Ooh! Two books about things that light up in the dark!
Theme: nature, animals, glow-in-the-dark
Lights On!: Glow-in-the-Dark Deep Ocean Creatures
by Donna B. McKinney; illus. by Daniella Ferretti
32 pages; ages 4-8
Yeehoo Press, 2023
Near the ocean’s surface, the first rays of sunrise bathe the waters. Here fish, seals, and turtles swim, splash, and eat in a world lit by sunlight.
But down below, where the sunlight doesn’t reach … where it’s always dark as night, what do the creatures do? Vampire squid and lantern fish carry their own light. Pocket sharks and jellies glow in the dark. Some animals use their bioluminescence to find a mate, others to trick prey, and others to escape from a predator. There’s a lot of action going on down in the deep, dark sea.
What I like about this book: There are flaps! Beneath each flap is a tidbit of information that adds to what is on the page. For example, the spread introducing pocket sharks: lift the flap to learn how this shark got its name. I like the contrast between what’s happening in the upper, surface layers of the ocean and the action in the darkest deep waters. To do that, the book was designed to be turned by the reader. This creates long, vertical spreads. And there’s back matter, where Donna introduces the term “bioluminescence” and gives some fun facts.
I wanted to know a bit more about Lights On! so I asked Donna a couple questions:
Me: Whose idea was it to create the flaps?
Donna: My editor, Molly Shen Yao, suggested the flaps. I had submitted the story to Yeehoo with that additional informational text positioned as sidebars (text boxes). In the editing process, Molly suggested putting the sidebar material under flaps. I loved the idea and I hope my readers will enjoy the flaps!
Me: Upon opening the book, readers have to turn it so they can get a tall vertical look. How did this come about?
Donna: Editor Molly gets credit for that, too. Because each art spread in the book reflects what's happening above the ocean surface and at the ocean depths, she thought the vertical orientation would give the illustrator more freedom to reflect that ocean depth. I love how the illustrator, Daniella Ferretti, was able to use that vertical space, showing what was happening from sky to ocean depths in each spread.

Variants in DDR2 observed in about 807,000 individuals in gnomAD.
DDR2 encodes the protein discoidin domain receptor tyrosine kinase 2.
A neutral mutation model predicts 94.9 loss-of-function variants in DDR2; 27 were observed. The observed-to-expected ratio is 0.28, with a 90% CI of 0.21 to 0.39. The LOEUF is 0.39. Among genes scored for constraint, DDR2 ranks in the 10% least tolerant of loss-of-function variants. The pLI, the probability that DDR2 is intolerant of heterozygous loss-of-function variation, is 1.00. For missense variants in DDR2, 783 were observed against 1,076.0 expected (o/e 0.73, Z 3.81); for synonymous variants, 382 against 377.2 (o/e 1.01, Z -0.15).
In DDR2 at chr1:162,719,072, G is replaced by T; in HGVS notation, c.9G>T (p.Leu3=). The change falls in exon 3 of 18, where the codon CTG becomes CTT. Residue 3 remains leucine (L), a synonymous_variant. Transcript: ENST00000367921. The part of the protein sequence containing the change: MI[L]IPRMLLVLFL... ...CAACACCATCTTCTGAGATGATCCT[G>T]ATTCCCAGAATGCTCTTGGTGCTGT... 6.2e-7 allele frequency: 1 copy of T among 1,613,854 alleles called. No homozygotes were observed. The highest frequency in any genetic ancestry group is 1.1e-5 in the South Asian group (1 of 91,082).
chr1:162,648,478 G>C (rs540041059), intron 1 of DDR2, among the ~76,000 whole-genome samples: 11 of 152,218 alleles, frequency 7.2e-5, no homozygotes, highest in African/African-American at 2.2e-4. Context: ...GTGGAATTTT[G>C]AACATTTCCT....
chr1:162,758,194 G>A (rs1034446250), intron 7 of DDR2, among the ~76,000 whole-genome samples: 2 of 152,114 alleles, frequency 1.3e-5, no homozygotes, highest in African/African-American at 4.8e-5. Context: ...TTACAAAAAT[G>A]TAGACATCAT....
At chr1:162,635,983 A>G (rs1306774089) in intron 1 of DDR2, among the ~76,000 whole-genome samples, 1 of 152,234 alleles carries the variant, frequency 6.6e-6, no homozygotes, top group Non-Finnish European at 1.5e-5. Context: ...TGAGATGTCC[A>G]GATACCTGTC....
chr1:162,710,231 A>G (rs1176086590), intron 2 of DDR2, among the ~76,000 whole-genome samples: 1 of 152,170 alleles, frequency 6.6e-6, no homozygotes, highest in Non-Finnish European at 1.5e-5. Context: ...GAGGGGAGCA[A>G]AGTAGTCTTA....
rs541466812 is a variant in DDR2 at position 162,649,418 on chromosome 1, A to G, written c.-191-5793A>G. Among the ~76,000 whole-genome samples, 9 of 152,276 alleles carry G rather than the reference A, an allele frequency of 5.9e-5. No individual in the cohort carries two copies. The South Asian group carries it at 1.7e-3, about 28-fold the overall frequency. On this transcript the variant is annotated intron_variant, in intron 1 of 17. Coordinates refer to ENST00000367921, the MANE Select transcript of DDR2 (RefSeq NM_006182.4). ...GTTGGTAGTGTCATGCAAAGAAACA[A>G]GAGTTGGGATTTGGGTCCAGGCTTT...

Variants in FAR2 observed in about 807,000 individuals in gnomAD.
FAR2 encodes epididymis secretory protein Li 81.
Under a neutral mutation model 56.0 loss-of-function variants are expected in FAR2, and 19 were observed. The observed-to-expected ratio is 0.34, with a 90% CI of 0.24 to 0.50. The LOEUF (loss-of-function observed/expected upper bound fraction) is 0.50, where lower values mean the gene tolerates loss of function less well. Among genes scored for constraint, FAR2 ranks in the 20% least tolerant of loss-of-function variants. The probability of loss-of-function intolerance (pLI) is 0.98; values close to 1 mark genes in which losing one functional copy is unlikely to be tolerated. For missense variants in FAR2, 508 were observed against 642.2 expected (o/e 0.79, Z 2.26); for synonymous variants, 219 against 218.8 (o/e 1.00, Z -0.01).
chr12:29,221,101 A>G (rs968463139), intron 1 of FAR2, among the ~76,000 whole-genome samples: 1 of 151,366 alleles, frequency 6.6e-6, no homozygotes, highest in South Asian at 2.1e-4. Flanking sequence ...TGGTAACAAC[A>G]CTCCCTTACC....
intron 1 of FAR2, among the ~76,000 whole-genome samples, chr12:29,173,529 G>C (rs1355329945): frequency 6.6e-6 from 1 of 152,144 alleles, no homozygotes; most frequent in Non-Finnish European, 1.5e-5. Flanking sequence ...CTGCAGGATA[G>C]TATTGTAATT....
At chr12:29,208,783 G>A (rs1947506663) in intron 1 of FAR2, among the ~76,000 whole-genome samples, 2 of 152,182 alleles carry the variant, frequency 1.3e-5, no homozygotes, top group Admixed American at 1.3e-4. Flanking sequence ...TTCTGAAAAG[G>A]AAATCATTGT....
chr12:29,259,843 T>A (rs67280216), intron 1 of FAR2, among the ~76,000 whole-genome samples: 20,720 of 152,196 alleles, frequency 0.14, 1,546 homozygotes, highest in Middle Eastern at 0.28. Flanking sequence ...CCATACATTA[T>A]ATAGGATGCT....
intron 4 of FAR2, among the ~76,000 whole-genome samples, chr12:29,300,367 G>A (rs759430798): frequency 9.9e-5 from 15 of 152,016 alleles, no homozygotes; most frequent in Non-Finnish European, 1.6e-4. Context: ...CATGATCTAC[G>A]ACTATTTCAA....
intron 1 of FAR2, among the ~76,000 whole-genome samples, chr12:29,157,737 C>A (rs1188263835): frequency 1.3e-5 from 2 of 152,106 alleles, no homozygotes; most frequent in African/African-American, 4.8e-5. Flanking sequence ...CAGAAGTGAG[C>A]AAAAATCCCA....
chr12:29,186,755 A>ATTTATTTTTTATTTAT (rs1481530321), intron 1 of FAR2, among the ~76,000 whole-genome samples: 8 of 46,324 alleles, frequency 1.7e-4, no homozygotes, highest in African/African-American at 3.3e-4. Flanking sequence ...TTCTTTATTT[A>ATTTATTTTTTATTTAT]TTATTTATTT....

Luminous: Living Things That Light Up the Night
by Julia Kuo
44 pages; ages 4-8
Greystone Kids, 2022
When it’s dark out, we need light to see.
We might use a flashlight or a lantern to see at night. But some animals make their own light. That light, explains Julia, is called bioluminescence, and creatures make that light using special chemical reactions in their bodies. Throughout the book, she shows fungi, fish, and dinoflagellates that create light. Each spread includes an info-packed sidebar, so there is no need (or room) for back matter.
What I like about this book: The black pages with white print set the perfect stage for a book about dark, though I do wish the sidebar text was bigger. Of course I love that bioluminescent fungi are included! As are fireflies and glow worms (which she points out are neither flies nor worms). And I love the focus on the diversity of creatures that make their own light.
Beyond the Books:
Learn more about bioluminescence. Check out these photos and article from National Geographic. And this one, from the Ocean Conservancy.
Go on a night walk and look for luminous things. If you’re walking near the ocean, you might see plankton glowing on the water. If you’re walking in a woody area, you might find glow-in-the-dark mushrooms (here are a few), and if you’re in the eastern part of the US you might see fireflies blinking above the tall grass. I once found glow worms in my garden!
Make some glowing water with this simple experiment from PBS
Donna B. McKinney is a member of STEAM Team 2023. You can find out more about her at her website https://www.donnamckinneybooks.com/
Today we’re joining Perfect Picture Book Friday. It’s a wonderful gathering where bloggers share great picture books at Susanna Leonard Hill's website. Review copies provided by the publishers.
This sounds both delightful and fascinating! I've seen lovely books coming from YeeHoo press! Thanks Sue!ReplyDelete
they are - both delightful and fascinating.Delete
Interesting covers for both of these books. it's such a challenge for illustrators to create images when the subject matter is based in darkness. I need to read book of these. thanks for the recs!ReplyDelete
I agree - a real challenge to show the darkness while making it easy for readers to see details as well as read the text.Delete